Friday, 9 December 2016

Snowden Review

Snowden, 15, 134 mins, Vertigo Films / Open Road.

In his finest film in decades, Oliver Stone, a director at the very forefront of tackling cultural milestones, now chronicles that most divisive and polarising of figures; Edward Snowden.
 Snowden leaked thousands of the NSA’s classified documents to the press, claiming they flouted constitutional rights to privacy.
  So little of the inner-workings of what actually happened are known to the public, so Stone is set that most difficult of tasks, but crafts an utterly gripping, totally compelling cinematic exposé, into just how contentious the issues surrounding our collective securities and individual identities really are.
 It so easily could’ve been ploddingly pedestrian, or get bogged down in being a hot-button subject of such recent history, too top-heavy with gaggles of smart-phones and social-media platforms.
 The fact that it didn’t, is so profoundly due to Joseph Gordon-Levitt’s terrific, transcendent performance. As with the entire execution of the film itself, his central performance is so expertly understated. He’s always been such an incredibly subtle, confident actor; it really can just be an empathetic move of the eyes or incline of the head - and you reach into his very soul. This is all the more revelatory despite him being too conventionally smooth to really look like Snowden, but he certainly sounds like him with those mannered, dulcetly flat monotones - awards recognition is so long overdue.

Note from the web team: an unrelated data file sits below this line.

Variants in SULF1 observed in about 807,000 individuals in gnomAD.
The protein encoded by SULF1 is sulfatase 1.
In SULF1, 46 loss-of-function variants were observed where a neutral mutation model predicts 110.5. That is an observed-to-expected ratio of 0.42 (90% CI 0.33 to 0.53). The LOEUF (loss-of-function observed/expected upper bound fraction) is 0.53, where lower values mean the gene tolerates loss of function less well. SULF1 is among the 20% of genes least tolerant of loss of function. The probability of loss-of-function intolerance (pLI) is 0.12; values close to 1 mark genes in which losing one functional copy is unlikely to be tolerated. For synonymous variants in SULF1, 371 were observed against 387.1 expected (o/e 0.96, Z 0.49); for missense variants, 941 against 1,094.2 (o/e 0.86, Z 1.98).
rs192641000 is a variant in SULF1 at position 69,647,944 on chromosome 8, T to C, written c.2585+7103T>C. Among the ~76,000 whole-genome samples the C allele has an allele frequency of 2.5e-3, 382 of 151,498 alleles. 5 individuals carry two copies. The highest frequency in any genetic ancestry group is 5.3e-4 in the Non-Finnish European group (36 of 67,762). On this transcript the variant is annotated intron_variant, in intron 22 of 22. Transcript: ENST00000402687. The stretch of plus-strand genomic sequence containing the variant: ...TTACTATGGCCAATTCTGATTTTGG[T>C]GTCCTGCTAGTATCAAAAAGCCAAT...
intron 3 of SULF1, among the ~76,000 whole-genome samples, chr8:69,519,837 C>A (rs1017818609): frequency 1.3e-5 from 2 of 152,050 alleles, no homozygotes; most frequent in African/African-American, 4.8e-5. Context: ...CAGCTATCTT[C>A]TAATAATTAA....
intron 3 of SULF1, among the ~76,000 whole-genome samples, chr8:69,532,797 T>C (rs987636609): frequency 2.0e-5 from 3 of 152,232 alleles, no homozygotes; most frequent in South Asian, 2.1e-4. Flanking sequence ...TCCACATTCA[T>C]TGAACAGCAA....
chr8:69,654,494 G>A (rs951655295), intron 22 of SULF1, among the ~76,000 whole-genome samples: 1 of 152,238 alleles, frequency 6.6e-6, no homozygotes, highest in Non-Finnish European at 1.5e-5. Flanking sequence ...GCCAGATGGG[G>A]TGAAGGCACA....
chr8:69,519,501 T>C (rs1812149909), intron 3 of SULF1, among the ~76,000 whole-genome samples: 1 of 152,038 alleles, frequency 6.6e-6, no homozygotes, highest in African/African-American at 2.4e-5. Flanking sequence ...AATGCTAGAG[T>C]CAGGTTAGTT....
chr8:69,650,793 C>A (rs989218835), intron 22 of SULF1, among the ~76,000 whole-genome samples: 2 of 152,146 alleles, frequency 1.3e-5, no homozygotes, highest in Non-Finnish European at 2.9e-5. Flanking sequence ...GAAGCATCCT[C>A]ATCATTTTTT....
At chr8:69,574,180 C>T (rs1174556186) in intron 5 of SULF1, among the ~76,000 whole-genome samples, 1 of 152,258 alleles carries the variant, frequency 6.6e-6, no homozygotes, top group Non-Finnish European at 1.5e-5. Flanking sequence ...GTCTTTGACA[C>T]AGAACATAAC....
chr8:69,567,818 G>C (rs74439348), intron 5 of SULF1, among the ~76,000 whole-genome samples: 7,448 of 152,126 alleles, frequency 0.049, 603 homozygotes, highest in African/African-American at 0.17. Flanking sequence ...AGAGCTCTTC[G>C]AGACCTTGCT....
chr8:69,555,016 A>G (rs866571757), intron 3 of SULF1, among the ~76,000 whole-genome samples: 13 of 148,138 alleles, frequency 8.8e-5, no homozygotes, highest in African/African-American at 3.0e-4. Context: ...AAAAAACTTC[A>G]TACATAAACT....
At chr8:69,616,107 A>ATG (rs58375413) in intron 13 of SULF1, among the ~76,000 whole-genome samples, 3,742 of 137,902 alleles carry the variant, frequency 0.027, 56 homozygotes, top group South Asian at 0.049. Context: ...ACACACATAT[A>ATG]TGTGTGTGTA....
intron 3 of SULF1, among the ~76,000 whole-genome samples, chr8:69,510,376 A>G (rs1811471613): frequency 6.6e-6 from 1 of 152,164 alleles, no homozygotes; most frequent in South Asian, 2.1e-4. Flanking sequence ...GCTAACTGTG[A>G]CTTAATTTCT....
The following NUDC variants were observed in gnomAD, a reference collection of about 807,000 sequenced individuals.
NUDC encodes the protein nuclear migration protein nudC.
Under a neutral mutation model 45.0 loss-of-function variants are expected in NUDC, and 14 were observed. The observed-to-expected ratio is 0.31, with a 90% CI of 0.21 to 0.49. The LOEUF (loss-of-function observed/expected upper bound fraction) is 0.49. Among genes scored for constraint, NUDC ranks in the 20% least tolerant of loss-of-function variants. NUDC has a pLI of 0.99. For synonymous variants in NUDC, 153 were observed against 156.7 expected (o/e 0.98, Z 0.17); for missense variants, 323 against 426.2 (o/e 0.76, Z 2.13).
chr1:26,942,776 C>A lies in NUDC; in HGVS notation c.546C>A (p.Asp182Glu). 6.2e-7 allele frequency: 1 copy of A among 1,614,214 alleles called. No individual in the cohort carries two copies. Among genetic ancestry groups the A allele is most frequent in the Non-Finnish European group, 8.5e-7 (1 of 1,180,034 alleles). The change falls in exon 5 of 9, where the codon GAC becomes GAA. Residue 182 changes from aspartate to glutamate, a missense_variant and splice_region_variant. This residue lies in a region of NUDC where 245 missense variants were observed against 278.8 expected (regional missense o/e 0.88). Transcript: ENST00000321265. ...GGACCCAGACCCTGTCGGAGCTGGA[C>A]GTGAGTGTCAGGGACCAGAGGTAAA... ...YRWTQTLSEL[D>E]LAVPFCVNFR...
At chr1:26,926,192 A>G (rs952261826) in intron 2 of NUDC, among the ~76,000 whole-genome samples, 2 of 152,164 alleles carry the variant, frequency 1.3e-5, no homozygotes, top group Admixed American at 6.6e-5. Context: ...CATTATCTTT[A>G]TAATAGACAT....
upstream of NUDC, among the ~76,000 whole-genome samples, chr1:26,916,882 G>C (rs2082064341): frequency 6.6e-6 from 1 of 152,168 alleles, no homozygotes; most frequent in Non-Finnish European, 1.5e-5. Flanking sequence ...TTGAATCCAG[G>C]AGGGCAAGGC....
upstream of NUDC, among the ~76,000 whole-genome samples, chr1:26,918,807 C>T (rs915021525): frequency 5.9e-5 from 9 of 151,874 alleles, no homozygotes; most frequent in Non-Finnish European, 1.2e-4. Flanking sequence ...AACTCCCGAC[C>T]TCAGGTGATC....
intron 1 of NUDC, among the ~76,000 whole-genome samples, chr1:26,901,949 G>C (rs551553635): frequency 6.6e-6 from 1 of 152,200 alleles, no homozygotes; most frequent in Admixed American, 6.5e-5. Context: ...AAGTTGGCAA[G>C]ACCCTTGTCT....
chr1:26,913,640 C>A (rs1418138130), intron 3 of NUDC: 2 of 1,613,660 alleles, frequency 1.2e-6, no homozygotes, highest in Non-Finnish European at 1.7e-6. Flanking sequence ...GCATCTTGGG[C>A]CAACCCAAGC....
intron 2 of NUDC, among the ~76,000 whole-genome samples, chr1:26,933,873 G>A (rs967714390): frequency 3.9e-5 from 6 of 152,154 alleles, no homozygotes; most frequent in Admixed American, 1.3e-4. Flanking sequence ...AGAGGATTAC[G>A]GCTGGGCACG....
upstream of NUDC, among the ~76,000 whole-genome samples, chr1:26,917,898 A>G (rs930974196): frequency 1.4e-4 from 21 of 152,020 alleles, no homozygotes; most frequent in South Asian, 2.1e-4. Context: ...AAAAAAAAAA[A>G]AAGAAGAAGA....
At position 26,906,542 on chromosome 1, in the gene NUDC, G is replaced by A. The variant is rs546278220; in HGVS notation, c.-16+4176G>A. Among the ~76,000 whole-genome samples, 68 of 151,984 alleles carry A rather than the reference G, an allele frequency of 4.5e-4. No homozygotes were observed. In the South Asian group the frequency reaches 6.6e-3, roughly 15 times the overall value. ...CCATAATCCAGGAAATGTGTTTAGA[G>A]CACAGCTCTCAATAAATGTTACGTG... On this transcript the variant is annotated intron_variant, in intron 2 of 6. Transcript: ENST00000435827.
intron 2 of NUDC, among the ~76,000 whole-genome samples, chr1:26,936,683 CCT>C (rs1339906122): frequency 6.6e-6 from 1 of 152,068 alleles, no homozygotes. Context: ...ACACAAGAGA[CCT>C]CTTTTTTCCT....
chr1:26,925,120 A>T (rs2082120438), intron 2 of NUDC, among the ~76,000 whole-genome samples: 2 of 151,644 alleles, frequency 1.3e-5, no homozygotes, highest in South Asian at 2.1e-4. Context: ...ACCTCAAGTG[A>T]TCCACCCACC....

Supporting turns are also strong: Shailene Woodley infuses human vitality into Snowden’s girlfriend Lindsay. If I’ve a singular problem with the structural choices; foregrounding their fraught romance - over pulsing thrills - may become a little insouciant.
  That’s far from saying the film is devoid of tension: the sequence where the files in question are gradually uploaded to a USB-stick concealed in a rubics-cube to avoid detection is the film’s real pin-drop moment, as is Rhys Ifan’s capricious snake of a task-master, revealing private doubt in giant-screen form. Joely Richardson is icy as a spiky Guardian editor, and Craig Armstrong’s bubbling, synth-inspired score adds to the conspiratorial chill of paranoia - in a fascinating account of the ambiguity of freedom, authority, and morality. In my top two films of 2016.

Rating: * * * * *


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